Tuesday, August 27, 2013

Save Our Parks

UPDATE, Aug. 27, 3:30pm: The Gainesville City Commission received an email today from the developer, withdrawing his offer to purchase the 5 acres of Loblolly Woods. There will be no sale of this public park land! Thanks to the many people who voiced their opinion and stood up for conservation!

This weekend I joined about 70 other people on a walk to tour a piece of property in the Loblolly Woods of NW Gainesville. The purpose of the tour was to rally support and familiarize people with 5 acres of public conservation land that a private real estate developer is trying to buy from the city. (I'm not using the developer's name because I don't believe this is about the person. Rather, I think this is about the bigger issue of selling public property and the dangerous precedent it sets.) The property is part of the much larger Loblolly Woods city nature park and preserve, and it butts up to the developer's home property. He says that he wants to purchase the land to provide more buffer around his home, and says that he plans to preserve the land. In exchange, he proposes to give the city one million dollars. We were there in the woods to see why this would be a bad idea.
Supporters Hiking in
We were led on the walk through the woods by a UF Biologist and by neighbors whose homes are next to the property in question. We learned that the property provides the only eastern access to the greater Loblolly Woods city nature park. If the purchase is made, roads and paths will be closed to the public. The entrance is popular with walkers, hikers, runners, bikers and children walking to school.
East Entrance
We learned about the kinds of trees and plants in the landscape and saw how the slight elevation changes there make it a unique habitat for both wetlands and uplands plants. We learned that the land is ecologically sensitive. It is home to rare and endangered plants and is part of a wetlands floodplain. It was acquired by the City in the first place because it was determined that there was good reason to protect it. We saw examples of escaped exotic invasive plants from neighboring homes and from the urban creek system that runs through the woods and were reminded that the land needs continued, careful stewardship. Large amounts of money and time have already been spent by the City evaluating and maintaining the property.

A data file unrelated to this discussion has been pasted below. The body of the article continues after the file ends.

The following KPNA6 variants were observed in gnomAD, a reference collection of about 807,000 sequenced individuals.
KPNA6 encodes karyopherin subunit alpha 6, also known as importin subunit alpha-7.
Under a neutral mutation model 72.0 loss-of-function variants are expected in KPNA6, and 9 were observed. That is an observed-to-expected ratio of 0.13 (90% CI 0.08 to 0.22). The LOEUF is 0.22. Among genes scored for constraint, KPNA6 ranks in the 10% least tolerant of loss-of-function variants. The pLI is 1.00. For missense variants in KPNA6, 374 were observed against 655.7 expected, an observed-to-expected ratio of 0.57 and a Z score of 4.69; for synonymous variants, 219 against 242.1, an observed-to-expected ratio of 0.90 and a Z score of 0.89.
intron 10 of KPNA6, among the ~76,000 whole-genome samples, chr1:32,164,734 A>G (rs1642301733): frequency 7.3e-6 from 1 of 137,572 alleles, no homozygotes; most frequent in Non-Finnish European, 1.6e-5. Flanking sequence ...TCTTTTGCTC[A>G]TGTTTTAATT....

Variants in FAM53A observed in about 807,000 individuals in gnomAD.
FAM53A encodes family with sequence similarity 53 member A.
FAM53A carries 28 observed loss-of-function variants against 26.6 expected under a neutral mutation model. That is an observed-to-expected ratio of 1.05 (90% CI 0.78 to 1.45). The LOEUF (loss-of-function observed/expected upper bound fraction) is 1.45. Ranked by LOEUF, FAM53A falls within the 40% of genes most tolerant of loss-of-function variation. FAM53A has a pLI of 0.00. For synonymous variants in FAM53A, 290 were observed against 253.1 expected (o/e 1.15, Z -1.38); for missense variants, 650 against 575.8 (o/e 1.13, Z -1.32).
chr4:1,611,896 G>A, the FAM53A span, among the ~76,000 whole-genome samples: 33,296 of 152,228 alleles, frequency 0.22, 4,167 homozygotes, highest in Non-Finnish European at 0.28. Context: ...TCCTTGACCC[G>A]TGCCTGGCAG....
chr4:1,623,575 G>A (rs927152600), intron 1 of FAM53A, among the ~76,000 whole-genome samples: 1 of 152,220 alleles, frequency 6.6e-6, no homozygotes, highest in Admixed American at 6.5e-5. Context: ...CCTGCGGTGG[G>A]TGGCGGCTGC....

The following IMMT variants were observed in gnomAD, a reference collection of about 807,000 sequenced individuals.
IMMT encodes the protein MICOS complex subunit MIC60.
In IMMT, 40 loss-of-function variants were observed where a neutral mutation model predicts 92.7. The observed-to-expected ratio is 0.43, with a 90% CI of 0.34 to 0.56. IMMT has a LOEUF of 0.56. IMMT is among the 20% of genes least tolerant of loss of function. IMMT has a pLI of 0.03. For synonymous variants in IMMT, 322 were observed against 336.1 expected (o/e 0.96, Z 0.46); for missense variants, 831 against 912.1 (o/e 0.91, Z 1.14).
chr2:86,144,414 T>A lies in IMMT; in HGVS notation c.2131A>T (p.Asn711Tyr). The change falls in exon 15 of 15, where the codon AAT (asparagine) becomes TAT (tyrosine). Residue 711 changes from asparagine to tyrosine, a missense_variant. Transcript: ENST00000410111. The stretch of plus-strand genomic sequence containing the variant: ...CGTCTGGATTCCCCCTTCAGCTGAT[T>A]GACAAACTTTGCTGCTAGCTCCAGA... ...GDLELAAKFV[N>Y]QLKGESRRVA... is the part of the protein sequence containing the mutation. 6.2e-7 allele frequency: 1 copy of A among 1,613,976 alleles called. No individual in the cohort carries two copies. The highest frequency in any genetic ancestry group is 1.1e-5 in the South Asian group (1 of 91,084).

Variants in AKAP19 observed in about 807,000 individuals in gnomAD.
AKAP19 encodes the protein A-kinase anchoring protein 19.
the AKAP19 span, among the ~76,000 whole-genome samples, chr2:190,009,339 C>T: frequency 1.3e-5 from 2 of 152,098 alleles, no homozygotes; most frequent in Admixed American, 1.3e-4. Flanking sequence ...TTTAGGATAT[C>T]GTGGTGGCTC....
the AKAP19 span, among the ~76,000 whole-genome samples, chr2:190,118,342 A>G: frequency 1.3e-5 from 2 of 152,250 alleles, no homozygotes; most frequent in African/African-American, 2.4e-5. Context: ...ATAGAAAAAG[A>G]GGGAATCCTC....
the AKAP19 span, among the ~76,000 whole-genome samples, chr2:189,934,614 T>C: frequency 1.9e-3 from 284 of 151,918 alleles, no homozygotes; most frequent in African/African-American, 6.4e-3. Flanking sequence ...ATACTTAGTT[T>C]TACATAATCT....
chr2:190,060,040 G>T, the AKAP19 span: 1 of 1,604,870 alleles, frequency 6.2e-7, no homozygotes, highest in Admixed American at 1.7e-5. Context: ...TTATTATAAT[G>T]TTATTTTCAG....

The Woods
The people came with children, friends, cameras and dogs on leashes. The children explored and relished in the wonder of the wild places. They lifted logs and peeked into stumps and found spiders and snakes and caterpillars. (Hiking hint: if you want to see the coolest things, follow the kids. They know how to look!)
Florida Redbelly Snake

Saddleback Caterpillar

Our leader pointed out different types of trees--Maple, Sugarberry, Box Elder, Water Oak, Dogwood and Sable Palm, to name just a few. The landscape is diverse. I was at the tail end of the crowd, so I missed much of his discussion, but the group was kindly helpful and would share interesting information down the line.

Sugarberry Tree

Maples, Palms and Sugarberries
The group stopped in admiration to look at the rare and endangered Godfrey's Privet , the interesting Green Dragon, and the vivid Hearts a Bustin'. We listened to bugs and birds and each other. We also heard the loud and upset dogs on the developer's property, barking from behind their tall fence at our intrusion into their territory.
Godfrey's Privet (Forestriera godfreyi)

Green Dragon (Arisaema dracontium)

Heart's a Bustin' (Euonymus americanus)